I'm rather an agnostic when it comes to the merits of the proposed 41-storey skyscraper opposite the Britomart train station. The existing Westfield shopping centre is such a manky dog's breakfast that it's hard to imagine anything going there being worse.
What does beggar belief is that Auckland City, in persuading its planning commissioners to rubber-stamp the resource consent application, has made no effort to protect the crucial rail tunnel, which is planned to pass through the site a few metres underground.
Only in Auckland could one branch of officialdom calmly give the nod to a vast above-ground development seemingly oblivious that, just down the corridor, their colleagues were finalising plans for a giant transport tunnel right where the skyscraper's foundation pillars need to go. The irony, if one can find any humour in this, is that the Waitemata Harbour Crossing Study, which revealed its latest plans last Friday just as the resource consent decision became public, was commissioned last year to ensure such a clash did not occur.
In the case of the harbour crossing study, the task was to ensure any future harbour tunnel or bridge project did not clash with redevelopment plans for the Wynyard Quarter Tank Farm. This has been achieved in the new recommended options, with proposed road and rail tunnels now skirting under or around the Tank Farm, instead of popping up in the middle as originally planned. But one of the new tunnels is supposed to carry passenger rail under the harbour then under the proposed skyscraper site into Britomart.
Even if this North Shore rail tunnel seems an unlikely proposition, the proposed 3.5km tunnel west out of Britomart running under Albert St south to Mt Eden is not. It is a vital link in the region's long-term plans to put 400,000 Aucklanders within 30 minutes of the CBD by rail.
Yet the Auckland City bureaucracy, which has been intimately involved both in the harbour crossing study and overall rail planning, recommended to the commissioners hearing the Westfield application that the consent should go through on a non-notified basis. That any adverse effects it might have would be at worst "minor".
Hearing commissioners Greg Hill and Conway Stewart went along with this. They noted that the Auckland Regional Transport Authority had advised Auckland City that "it intends to lodge a notice of requirement (NOR) for a CBD rail tunnel which, according to ARTA, will affect this site", but that "no NOR had been lodged at the time of determining this application". The commissioners said that "accordingly, while acknowledging that any proposed CBD rail tunnel is a significant strategic issue for the city/region, it has had no influence in the commissioners' determination of this application". If ever one needed further evidence for governance reform of Auckland, this nonsensical decision to turn a judicial blind eye to the obvious impact this building will have on the future traffic artery is it.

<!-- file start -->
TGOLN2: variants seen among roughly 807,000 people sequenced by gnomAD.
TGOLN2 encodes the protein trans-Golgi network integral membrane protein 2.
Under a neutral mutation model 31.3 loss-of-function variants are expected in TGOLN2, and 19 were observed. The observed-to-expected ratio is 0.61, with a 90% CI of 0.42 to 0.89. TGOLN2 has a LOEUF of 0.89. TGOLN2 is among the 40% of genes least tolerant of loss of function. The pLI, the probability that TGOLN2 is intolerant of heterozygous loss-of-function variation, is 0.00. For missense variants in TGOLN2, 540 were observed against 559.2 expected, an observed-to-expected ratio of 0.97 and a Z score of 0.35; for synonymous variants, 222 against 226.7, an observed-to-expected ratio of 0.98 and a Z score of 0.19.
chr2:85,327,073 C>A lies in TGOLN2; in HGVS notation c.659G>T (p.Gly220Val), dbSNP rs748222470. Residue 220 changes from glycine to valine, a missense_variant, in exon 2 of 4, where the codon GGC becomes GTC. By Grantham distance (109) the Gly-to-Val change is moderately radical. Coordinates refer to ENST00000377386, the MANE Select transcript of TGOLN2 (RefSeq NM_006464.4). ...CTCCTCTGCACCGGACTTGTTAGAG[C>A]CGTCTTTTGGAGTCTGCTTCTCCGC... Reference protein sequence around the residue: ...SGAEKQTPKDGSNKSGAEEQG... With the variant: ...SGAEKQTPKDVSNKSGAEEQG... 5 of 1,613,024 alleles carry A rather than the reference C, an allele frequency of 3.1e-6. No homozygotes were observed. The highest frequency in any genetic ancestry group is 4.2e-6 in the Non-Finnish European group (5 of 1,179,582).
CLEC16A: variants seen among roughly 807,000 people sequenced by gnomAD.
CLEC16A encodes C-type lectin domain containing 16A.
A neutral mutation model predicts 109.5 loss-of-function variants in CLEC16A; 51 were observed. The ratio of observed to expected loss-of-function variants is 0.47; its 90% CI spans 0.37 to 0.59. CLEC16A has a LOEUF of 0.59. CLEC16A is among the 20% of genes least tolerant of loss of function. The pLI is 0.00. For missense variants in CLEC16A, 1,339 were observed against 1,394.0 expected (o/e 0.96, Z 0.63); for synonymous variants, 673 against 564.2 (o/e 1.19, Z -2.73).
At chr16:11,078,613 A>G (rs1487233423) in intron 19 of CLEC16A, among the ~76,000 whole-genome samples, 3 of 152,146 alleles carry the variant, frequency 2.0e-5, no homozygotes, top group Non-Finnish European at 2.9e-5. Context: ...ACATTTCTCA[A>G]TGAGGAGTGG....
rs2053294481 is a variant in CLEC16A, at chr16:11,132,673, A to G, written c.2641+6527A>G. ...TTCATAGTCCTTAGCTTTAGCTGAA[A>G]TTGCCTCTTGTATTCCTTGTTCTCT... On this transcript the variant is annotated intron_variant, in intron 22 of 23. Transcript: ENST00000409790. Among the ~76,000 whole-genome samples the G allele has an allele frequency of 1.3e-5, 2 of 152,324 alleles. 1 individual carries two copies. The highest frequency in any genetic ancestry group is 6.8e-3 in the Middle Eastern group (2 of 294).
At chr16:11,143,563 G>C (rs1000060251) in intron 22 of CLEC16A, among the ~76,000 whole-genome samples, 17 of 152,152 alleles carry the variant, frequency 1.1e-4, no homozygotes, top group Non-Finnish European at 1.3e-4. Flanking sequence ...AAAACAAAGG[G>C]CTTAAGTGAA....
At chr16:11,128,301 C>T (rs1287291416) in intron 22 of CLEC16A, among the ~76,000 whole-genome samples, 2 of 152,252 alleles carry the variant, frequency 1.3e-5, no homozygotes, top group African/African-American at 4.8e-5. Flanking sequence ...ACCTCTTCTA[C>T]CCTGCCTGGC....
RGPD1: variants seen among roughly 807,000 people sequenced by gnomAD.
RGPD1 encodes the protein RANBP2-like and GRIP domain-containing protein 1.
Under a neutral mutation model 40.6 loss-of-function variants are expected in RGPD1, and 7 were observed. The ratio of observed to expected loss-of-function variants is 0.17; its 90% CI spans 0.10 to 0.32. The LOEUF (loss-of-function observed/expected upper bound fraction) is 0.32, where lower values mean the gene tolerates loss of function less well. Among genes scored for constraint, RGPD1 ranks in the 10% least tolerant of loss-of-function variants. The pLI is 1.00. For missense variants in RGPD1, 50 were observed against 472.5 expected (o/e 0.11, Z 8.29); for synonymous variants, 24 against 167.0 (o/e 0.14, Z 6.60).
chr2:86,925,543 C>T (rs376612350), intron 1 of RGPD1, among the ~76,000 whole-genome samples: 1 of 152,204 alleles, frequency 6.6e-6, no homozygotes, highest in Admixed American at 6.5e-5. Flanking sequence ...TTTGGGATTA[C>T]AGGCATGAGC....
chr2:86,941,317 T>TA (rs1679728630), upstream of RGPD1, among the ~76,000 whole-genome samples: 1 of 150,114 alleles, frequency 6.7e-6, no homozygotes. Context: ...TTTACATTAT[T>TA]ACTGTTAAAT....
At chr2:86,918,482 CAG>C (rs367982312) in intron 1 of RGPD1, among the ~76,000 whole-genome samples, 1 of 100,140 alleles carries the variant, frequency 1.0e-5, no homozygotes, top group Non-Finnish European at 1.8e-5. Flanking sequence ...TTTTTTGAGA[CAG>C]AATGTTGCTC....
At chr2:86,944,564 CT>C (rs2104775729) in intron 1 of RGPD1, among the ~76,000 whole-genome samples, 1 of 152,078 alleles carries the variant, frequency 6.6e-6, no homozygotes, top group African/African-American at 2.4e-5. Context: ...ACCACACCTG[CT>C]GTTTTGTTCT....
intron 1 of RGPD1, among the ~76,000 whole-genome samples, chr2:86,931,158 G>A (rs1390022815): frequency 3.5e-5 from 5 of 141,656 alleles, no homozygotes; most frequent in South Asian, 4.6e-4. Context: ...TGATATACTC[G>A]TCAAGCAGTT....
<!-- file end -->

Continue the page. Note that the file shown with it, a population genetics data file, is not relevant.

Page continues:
Auckland Regional Council chairman Mike Lee, a leader in the fight for better public transport, says the decision is "outrageous", "irresponsible" and "absolutely arrogant". He says the visual impact of such a building on the waterfront is going to be significant enough alone to entitle people to comment. "But the fact it's going to severely compromise the future rail tunnel is another reason why you would let it go through proper open process. What's the rush? Who are they working for, the public or the Australian property developers?"
Mr Lee said Auckland City planning general manager John Duthie had been "intimately involved in the harbour crossing work. Why the hell would you do this?"
The ARC and ARTA will now have to seek a judicial review of the resource consent decision and also begin the process of placing a designation, or NOR, over the tunnel site to protect the route.
Just to complicate the issues more, ARTA, the independent transport authority, has no power to place a designation over the transport corridor, but the ARC can.
How long all this will take is anyone's guess. But thanks to Auckland City, one thing is certain: glass tower lawyers will again enrich themselves at the expense of city and regional ratepayers. Many of us will fund both sides of this pointless battle, which only makes it worse